Quality-of-life scores in neurogenic thoracic outlet syndrome patients undergoing first rib resection and scalenectomy

Danielle H. Rochlin, Marta M. Gilson, Kendall C. Likes, Emma Graf, Nancy Ford, Paul J. Christo, Julie A. Freischlag

Research output: Contribution to journalArticle

25 Citations (Scopus)

Abstract

Objective: First rib resection and scalenectomy (FRRS) has been shown to improve short-term quality of life (QOL) in the treatment of neurogenic thoracic outlet syndrome (NTOS). Long-term benefits are not well studied but are believed to decrease over time. Our objective was to evaluate long-term NTOS outcomes using validated QOL instruments. Methods: We identified 162 NTOS patients aged ≥18 years treated by FRRS from 2003 to 2010 after they had not responded to conservative management. The patients were mailed three surveys to assess QOL (Short-Form 12 [SF-12], Brief Pain Inventory [BPI], and Cervical Brachial Symptom Questionnaire [CBSQ]), with five total outcomes measures including the SF-12 Physical Component Score (PCS), SF-12 Mental Component Score (MCS), BPI severity, BPI interference, and CBSQ score. Demographic and clinical data were extracted from patient records. Each FRRS was categorized based on postoperative clinical assessment as successful, failed, or leading to recurrent symptoms. Results: Survey yield was 53.7% (n = 87) with mean follow-up of 44.7 months (range, 12.4-91.9 months). There was no significant difference in QOL scores associated with long-term compared with short-term follow-up. Significantly poorer scores on all instruments were associated with comorbid chronic pain syndromes, opioid use, and unfavorable clinical assessment (P <.05). Significantly poorer scores on select instruments were associated with smoking (BPI both; P <.02), age ≥40 years (SF-12 PCS, BPI interference, CBSQ; P <.03), neck and/or shoulder disease (SF-12 both, BPI both; P <.01), postoperative injections (BPI both, CBSQ; P <.05), and complications (SF-12 PCS, CBSQ; P <.05). A positive preoperative scalene block was not significantly associated with long-term QOL scores. Conclusions: The QOL after FRRS shows no significant difference with longer follow-up. Clinical assessment reflects patient-reported outcomes and can gauge postoperative improvement. Patient factors, particularly comorbidities and opioid use, are more predictive of long-term QOL than is preoperative scalene block and should also be considered when selecting patients for surgical intervention.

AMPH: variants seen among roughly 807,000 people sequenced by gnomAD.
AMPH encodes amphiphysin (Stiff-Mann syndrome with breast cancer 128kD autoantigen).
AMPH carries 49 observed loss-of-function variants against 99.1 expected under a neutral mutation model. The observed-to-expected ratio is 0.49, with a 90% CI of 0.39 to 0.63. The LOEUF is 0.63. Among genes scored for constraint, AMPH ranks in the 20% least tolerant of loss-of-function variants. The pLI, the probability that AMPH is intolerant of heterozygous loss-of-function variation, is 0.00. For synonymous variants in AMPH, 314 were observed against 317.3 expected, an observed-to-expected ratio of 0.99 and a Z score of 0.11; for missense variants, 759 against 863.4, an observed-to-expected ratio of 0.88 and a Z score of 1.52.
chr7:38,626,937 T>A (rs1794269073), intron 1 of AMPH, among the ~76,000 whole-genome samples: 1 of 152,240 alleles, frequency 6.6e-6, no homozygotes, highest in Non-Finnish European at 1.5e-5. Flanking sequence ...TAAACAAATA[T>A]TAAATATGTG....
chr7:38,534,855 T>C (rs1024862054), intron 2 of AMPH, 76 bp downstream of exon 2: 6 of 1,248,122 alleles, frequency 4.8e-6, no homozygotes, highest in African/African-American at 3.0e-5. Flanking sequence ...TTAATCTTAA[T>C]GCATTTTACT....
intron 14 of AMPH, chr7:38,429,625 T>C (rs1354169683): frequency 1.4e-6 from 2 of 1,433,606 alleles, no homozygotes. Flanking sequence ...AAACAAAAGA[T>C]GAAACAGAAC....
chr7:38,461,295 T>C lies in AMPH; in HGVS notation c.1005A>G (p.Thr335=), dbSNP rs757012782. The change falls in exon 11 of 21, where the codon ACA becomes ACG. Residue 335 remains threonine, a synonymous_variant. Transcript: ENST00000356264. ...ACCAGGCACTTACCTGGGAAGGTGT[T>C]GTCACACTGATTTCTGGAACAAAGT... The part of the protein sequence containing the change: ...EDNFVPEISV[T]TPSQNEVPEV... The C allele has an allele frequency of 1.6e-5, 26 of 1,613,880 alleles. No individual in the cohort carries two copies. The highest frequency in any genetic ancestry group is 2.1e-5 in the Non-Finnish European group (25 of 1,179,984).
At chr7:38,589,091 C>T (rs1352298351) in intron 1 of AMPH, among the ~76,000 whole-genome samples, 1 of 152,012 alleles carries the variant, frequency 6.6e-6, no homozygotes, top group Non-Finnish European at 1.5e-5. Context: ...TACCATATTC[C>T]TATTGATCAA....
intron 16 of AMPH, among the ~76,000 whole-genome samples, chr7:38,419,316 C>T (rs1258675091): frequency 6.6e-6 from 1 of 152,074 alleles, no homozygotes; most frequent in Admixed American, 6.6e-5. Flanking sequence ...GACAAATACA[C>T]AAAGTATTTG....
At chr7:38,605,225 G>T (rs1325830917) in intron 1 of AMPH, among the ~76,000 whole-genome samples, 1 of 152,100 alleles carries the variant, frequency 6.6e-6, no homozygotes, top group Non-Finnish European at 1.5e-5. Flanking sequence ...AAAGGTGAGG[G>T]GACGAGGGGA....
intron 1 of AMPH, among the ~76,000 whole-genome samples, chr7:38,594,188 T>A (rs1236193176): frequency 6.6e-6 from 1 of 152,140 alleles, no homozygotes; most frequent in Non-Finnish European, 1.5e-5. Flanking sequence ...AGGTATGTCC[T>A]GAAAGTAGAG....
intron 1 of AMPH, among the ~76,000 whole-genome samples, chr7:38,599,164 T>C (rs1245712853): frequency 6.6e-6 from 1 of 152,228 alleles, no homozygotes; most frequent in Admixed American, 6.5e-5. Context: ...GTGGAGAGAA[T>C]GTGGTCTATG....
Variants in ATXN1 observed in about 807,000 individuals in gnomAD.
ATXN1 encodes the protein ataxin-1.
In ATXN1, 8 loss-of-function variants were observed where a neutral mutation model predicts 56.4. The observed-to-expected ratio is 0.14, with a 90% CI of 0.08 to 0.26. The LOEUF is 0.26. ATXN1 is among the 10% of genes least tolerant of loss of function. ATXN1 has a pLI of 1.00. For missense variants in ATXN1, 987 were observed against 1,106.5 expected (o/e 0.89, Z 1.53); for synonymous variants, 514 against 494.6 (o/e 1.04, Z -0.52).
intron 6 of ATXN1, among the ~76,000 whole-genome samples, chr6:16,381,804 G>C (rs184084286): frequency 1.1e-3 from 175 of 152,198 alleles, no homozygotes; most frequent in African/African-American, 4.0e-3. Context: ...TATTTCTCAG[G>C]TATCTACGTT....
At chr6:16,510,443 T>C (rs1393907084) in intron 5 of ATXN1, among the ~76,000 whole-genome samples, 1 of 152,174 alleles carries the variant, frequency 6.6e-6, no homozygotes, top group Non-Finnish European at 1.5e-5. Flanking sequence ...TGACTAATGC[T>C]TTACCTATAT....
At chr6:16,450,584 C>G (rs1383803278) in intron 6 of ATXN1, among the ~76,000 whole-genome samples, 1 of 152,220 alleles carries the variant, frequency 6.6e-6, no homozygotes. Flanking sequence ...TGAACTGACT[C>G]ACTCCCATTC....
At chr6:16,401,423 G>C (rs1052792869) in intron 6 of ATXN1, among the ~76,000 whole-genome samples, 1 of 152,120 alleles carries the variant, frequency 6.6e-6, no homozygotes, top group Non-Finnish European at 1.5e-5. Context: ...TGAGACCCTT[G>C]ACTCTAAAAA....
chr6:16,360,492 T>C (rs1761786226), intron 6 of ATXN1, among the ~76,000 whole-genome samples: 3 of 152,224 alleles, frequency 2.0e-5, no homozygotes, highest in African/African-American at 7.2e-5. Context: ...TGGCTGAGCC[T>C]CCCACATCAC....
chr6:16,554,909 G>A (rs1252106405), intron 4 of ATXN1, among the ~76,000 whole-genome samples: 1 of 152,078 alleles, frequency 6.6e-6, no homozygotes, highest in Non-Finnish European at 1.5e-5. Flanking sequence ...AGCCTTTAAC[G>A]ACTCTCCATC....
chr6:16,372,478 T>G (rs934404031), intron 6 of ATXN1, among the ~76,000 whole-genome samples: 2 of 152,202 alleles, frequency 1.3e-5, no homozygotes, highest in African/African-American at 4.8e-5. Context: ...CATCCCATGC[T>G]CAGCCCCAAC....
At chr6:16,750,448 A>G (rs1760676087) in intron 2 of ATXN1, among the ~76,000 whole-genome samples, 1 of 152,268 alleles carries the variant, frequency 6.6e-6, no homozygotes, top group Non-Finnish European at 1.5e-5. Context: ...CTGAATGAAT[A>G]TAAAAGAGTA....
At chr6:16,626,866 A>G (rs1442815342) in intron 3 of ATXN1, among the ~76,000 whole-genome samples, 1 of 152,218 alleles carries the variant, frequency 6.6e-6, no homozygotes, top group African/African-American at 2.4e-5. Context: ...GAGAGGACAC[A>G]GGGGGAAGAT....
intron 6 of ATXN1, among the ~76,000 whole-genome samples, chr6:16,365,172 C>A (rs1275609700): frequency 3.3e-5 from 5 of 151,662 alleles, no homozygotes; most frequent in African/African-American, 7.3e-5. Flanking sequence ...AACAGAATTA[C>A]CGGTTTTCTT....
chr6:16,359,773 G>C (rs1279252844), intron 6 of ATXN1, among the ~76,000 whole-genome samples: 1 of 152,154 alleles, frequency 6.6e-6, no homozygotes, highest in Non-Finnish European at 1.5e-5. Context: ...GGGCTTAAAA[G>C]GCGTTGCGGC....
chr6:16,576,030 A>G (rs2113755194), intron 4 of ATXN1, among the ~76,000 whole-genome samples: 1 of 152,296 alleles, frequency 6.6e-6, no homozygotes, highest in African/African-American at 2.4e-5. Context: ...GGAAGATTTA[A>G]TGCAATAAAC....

Original languageEnglish (US)
Pages (from-to)436-443
Number of pages8
JournalJournal of Vascular Surgery
Volume57
Issue number2
DOIs
StatePublished - Feb 2013
Externally publishedYes

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Thoracic Outlet Syndrome
Ribs
Quality of Life
Equipment and Supplies
Arm
Pain
Opioid Analgesics
Neck Pain
Surveys and Questionnaires
Chronic Pain
Comorbidity